Why is English name not Jehovah?

Started by Private User on Wednesday, December 21, 2011


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Private User
12/21/2011 at 11:46 AM

Depending upon a person's religion, "God" refers to different entities. Using the modifier "Almighty", promotes one religion above others. Use of the name "Jehovah" would be a neutral way to refer to this entity.

"Jehovah" as such, is a meaningless relatively MODERN invention.
1) In the Hebrew language, vowels are NOT letters, therefore the "Tetragrammaton" YHWH ( http://en.wikipedia.org/wiki/Tetragrammaton ), does NOT include any. The "vowels" are the dots/signs one can see under the letters in that link.
2) So adding the E O A, to it is transposing how people think it "should have been" pronounced.
3) The Jews would never have pronounced the name in this fashion.

"God Almighty" is not a relative term, so it says/implies nothing at all "about one religion above others". It literally means that G-d is all-mighty, i.e. omnipotent. In any case, WHICH one religion would that be? There are at least five that trace themselves to the Creator of Adam. You might have had a case if it said "The Father" or some such instead.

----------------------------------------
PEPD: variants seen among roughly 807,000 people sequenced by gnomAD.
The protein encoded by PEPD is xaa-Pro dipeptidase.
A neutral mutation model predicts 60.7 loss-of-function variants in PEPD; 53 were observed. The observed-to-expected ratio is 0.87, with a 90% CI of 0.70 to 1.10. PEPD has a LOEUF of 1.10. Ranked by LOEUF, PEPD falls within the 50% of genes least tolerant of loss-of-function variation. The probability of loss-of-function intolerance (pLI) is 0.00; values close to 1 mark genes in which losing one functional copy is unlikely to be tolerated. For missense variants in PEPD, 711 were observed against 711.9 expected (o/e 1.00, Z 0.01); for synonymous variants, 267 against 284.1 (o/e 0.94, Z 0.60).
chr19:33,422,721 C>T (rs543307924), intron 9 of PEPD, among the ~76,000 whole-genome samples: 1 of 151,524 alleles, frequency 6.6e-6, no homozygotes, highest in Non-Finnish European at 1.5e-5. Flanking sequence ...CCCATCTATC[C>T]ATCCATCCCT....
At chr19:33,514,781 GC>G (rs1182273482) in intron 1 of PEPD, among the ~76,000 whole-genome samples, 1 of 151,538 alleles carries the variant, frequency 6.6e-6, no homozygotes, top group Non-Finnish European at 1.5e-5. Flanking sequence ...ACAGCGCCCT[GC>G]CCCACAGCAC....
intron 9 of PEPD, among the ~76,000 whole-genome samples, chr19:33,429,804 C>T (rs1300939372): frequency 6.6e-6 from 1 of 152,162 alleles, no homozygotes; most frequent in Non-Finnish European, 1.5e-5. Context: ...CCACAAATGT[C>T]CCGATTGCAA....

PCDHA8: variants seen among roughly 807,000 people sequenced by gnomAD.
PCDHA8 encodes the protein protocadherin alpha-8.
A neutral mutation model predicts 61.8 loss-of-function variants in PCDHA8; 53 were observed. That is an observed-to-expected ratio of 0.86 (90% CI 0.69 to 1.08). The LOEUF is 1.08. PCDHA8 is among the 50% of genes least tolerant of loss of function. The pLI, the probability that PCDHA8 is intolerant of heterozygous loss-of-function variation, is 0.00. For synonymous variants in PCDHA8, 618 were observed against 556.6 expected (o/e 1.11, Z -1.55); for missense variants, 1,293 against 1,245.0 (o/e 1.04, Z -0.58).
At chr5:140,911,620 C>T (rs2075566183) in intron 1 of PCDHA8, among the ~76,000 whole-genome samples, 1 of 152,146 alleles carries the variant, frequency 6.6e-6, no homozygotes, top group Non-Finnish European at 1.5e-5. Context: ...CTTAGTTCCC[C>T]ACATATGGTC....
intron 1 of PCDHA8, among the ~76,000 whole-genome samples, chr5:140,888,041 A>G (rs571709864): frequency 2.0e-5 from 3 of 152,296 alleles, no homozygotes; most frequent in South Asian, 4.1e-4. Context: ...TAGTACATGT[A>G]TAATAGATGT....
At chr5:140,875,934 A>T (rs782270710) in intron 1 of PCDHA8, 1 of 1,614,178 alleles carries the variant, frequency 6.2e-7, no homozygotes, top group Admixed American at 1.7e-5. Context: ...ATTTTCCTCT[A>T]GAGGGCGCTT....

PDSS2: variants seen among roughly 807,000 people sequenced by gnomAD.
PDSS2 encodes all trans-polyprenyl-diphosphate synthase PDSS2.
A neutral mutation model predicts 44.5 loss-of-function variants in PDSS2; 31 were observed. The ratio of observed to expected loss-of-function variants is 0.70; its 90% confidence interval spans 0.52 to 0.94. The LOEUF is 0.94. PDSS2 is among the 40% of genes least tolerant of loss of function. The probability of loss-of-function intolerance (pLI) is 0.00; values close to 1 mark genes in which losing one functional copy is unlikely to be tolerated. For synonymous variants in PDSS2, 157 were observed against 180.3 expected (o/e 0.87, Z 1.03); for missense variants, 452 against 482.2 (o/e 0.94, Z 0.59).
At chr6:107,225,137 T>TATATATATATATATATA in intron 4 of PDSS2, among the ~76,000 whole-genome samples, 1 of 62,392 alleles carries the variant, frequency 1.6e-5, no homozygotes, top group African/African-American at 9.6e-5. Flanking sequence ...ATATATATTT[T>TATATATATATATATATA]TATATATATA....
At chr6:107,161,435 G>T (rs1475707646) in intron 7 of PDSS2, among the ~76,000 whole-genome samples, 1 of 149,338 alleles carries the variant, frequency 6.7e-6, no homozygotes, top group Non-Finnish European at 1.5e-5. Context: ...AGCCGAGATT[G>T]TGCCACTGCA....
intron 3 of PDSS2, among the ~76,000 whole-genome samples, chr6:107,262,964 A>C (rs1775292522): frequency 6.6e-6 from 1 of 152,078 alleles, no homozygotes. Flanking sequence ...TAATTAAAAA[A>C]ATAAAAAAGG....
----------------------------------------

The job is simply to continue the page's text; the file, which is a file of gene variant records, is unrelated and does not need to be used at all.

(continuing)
You could argue that the Hebrew should actually read YHWH or the Hebrew for Elohim, but a Jew would find it offensive to see that name written out, so instead we use the title of "Our father in Heaven".

There ARE quite a few other gods and entire pantheons in this tree. As such, we strive to keep things as neutral and respective as possible. You might find the following of interest: http://www.geni.com/projects/Biblical-Tree it deals with some of these points.

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